Rick was middle aged. Maybe forty five, perhaps even fifty. His father Andrew did not stop pushing the edger along the sidewalk, neatly partitioning grass from concrete.
“Dad, you need to turn off the machine.”
Andrew let go of the trigger, and silence descended to the street.
“Oh! Hello Rick! Good to see you.” Andrew eased himself down to hands and knees and used a stick to work loose a chunk stuck in the blade.
“Dad.” Rick pointed to the machine, “You need to put that away.”
“Don’t be ridiculous.” The old man used the handle for support and got back up. Then, he returned the edger to its groove. “I may not be strong enough to run the mower any longer, but I’m still perfectly capable of doing the smaller chores.” He fired the engine back to life.
“Jesus, Dad. You’re going to cut off your toes!” But his father kept moving forward. When the noise stopped again, Rick got in front. “Put it back in the garage!”
Andrew lifted the machine. “Son, get out of my way. I’ve been edging this yard since I had to do it by hand. I don’t think I’ve forgotten how it works.” He knocked another bit of sod out of its blade.
“No you haven’t.”
“No, I meant you haven’t been edging this yard that long.” The son shifted from foot to foot, his body blocking any forward motion.
“Now you see here. Your mother and I moved into this house in 1953, and I ought to know how long I’ve been taking care of my own yard.” The old man eyed the trigger, but he did not start it.
“Dad, this isn’t your yard.”
“Isn’t my…now you see here.” Andrew shook the shaft from side to side and thumped his machine back down again, dislodging more dirt and grass. “My mind is as solid as this sidewalk. Stronger.” He indicated a long crack running from yard to street. “I don’t have any of those in here. My old ticker may not be what it once was, but I know exactly what I am capable of. You won’t be taking away anything from me until I’m cold in the grave. I’d remember if I’d signed any of my powers of attorney over to you.” Now he did start the engine again, forcing his son to dance out of the way as he continued to create his organized little furrow.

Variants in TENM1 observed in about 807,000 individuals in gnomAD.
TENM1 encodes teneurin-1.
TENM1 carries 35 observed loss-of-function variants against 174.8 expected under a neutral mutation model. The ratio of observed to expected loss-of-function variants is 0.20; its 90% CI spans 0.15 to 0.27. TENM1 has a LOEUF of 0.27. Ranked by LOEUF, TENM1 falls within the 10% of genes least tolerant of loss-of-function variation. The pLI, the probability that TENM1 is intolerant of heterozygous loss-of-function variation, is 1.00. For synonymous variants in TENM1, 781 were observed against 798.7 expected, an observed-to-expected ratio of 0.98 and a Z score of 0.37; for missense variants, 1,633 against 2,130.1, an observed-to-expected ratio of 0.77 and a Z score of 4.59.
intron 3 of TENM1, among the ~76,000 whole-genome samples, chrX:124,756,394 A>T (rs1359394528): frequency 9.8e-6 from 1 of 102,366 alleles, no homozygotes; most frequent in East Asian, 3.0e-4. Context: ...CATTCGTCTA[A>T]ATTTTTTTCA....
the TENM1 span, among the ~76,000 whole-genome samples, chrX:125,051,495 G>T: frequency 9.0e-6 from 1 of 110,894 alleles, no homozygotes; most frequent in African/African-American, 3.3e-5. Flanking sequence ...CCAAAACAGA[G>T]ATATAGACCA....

When he stopped to clear the dirt again, his son said, “No, Dad. I’m not trying to take your house and freedom. I’m not even trying to take away that noisemaker.”
“Now whose mind is going? You just said as much.”
“No! I said it’s time to stop trimming . This isn’t your yard, Dad. Would you look up for half a minute? Your house is back there. You’re over on the neighbor’s property.”
The old man cocked his head, craned his neck, and squinted. “Well,” he said. “So I am. Howdy Mrs. Kennedy!” He waved to the woman peering out her front window. “Well, all right,” he said to his son. “Help me get this job done then. I can’t leave it half cut can I?”
“No,” said the son. “I don’t guess so.”
And so the father handed his son the edger and stood back. “As long as the work gets done,” he concluded, “I don’t guess it matters who does it in the end.”
Jessie Powell is the Jester Queen. She likes to tell you about her dog, her kids, her fiction, and her blog, but not necessarily in that order.